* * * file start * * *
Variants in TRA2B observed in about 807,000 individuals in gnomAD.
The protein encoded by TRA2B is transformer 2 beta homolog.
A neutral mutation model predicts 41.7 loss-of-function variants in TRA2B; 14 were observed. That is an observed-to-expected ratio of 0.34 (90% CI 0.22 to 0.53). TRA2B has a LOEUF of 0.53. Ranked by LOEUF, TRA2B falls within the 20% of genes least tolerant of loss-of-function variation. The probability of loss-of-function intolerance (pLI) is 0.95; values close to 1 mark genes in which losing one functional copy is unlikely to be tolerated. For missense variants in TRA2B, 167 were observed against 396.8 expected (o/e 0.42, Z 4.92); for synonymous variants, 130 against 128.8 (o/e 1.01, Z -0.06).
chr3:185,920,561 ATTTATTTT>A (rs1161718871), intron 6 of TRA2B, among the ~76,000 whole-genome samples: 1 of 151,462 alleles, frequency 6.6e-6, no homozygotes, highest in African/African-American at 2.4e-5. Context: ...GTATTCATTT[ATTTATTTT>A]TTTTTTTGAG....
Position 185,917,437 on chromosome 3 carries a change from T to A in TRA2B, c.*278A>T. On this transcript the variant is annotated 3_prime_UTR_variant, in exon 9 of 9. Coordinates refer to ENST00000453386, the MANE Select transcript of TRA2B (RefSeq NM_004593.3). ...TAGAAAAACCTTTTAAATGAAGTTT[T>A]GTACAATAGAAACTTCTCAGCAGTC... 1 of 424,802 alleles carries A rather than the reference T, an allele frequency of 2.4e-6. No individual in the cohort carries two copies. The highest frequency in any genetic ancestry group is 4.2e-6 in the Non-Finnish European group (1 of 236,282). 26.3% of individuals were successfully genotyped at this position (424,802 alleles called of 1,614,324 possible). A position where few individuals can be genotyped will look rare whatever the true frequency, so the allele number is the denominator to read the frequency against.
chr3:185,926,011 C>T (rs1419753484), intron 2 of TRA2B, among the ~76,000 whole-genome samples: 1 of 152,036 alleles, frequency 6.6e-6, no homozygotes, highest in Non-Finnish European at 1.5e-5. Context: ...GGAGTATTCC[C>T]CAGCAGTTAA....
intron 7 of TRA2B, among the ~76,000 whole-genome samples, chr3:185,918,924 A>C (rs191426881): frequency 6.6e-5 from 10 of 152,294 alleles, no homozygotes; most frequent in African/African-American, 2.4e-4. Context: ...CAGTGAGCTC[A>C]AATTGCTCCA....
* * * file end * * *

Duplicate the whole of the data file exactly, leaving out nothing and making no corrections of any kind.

Variants in TRA2B observed in about 807,000 individuals in gnomAD.
The protein encoded by TRA2B is transformer 2 beta homolog.
A neutral mutation model predicts 41.7 loss-of-function variants in TRA2B; 14 were observed. That is an observed-to-expected ratio of 0.34 (90% CI 0.22 to 0.53). TRA2B has a LOEUF of 0.53. Ranked by LOEUF, TRA2B falls within the 20% of genes least tolerant of loss-of-function variation. The probability of loss-of-function intolerance (pLI) is 0.95; values close to 1 mark genes in which losing one functional copy is unlikely to be tolerated. For missense variants in TRA2B, 167 were observed against 396.8 expected (o/e 0.42, Z 4.92); for synonymous variants, 130 against 128.8 (o/e 1.01, Z -0.06).
chr3:185,920,561 ATTTATTTT>A (rs1161718871), intron 6 of TRA2B, among the ~76,000 whole-genome samples: 1 of 151,462 alleles, frequency 6.6e-6, no homozygotes, highest in African/African-American at 2.4e-5. Context: ...GTATTCATTT[ATTTATTTT>A]TTTTTTTGAG....
Position 185,917,437 on chromosome 3 carries a change from T to A in TRA2B, c.*278A>T. On this transcript the variant is annotated 3_prime_UTR_variant, in exon 9 of 9. Coordinates refer to ENST00000453386, the MANE Select transcript of TRA2B (RefSeq NM_004593.3). ...TAGAAAAACCTTTTAAATGAAGTTT[T>A]GTACAATAGAAACTTCTCAGCAGTC... 1 of 424,802 alleles carries A rather than the reference T, an allele frequency of 2.4e-6. No individual in the cohort carries two copies. The highest frequency in any genetic ancestry group is 4.2e-6 in the Non-Finnish European group (1 of 236,282). 26.3% of individuals were successfully genotyped at this position (424,802 alleles called of 1,614,324 possible). A position where few individuals can be genotyped will look rare whatever the true frequency, so the allele number is the denominator to read the frequency against.
chr3:185,926,011 C>T (rs1419753484), intron 2 of TRA2B, among the ~76,000 whole-genome samples: 1 of 152,036 alleles, frequency 6.6e-6, no homozygotes, highest in Non-Finnish European at 1.5e-5. Context: ...GGAGTATTCC[C>T]CAGCAGTTAA....
intron 7 of TRA2B, among the ~76,000 whole-genome samples, chr3:185,918,924 A>C (rs191426881): frequency 6.6e-5 from 10 of 152,294 alleles, no homozygotes; most frequent in African/African-American, 2.4e-4. Context: ...CAGTGAGCTC[A>C]AATTGCTCCA....